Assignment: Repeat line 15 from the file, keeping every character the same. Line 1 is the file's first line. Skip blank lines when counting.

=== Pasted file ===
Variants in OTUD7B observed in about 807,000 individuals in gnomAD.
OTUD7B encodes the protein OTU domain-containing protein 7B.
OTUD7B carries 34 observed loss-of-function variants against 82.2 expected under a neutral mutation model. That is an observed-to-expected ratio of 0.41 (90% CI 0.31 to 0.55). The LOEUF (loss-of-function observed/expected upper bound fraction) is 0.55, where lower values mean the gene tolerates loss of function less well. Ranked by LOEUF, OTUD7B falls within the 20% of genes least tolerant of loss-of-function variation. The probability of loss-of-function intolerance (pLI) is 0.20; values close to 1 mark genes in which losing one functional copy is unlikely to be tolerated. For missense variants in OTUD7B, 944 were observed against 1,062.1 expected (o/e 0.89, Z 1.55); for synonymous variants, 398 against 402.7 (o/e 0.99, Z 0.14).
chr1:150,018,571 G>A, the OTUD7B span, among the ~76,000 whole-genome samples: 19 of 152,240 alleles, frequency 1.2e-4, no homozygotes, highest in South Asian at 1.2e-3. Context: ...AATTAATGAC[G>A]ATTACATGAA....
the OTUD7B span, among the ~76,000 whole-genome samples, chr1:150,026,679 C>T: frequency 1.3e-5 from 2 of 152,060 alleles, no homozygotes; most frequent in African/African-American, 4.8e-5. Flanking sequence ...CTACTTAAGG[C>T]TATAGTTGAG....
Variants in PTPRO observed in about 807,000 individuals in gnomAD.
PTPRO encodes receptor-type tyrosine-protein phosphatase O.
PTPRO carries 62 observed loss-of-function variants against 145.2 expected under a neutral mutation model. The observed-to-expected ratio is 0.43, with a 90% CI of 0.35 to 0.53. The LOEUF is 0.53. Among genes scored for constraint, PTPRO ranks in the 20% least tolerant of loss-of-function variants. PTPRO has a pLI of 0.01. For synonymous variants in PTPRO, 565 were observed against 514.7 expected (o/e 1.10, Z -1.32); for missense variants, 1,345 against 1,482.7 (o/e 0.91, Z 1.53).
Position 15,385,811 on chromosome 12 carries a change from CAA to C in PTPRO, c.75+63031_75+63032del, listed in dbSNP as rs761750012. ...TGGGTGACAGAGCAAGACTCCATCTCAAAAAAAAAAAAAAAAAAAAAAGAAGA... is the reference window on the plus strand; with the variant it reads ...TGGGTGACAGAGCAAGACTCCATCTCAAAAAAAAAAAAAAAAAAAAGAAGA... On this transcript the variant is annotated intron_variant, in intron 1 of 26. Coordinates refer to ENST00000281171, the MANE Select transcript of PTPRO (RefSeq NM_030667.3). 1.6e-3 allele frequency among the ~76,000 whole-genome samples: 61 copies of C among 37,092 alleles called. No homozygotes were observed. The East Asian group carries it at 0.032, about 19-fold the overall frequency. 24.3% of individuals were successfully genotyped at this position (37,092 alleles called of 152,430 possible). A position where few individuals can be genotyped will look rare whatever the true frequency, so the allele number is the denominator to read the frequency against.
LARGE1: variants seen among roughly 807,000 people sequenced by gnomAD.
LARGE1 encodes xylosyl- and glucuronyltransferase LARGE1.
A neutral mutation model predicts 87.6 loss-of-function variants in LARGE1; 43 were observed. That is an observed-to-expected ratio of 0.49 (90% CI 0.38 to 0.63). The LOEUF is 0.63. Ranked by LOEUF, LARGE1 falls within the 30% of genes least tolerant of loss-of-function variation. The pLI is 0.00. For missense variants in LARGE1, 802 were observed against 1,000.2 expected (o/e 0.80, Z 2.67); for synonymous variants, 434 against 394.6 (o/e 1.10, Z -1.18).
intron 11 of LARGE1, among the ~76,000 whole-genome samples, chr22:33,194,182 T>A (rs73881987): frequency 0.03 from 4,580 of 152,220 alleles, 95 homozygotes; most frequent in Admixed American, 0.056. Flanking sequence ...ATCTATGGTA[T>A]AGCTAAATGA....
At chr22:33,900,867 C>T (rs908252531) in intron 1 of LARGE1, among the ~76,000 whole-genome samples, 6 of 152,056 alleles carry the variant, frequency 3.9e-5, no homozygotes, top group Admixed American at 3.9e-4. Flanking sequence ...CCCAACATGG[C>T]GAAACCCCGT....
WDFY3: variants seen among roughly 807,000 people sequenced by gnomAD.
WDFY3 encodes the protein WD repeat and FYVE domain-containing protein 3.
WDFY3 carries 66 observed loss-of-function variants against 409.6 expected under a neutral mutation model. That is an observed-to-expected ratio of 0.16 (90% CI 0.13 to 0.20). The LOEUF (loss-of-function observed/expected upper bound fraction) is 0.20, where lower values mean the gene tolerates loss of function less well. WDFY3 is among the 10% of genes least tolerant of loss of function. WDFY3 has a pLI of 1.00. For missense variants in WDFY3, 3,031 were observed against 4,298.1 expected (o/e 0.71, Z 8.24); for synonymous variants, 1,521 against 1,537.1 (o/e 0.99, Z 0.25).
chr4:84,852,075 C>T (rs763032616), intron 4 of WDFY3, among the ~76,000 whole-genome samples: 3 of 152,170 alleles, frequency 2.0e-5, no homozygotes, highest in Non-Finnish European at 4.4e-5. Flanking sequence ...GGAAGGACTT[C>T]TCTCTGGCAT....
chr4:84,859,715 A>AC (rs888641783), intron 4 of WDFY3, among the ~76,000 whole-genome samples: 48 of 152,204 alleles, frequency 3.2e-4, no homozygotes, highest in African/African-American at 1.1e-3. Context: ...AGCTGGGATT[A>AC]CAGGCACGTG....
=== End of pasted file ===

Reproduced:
WDFY3: variants seen among roughly 807,000 people sequenced by gnomAD.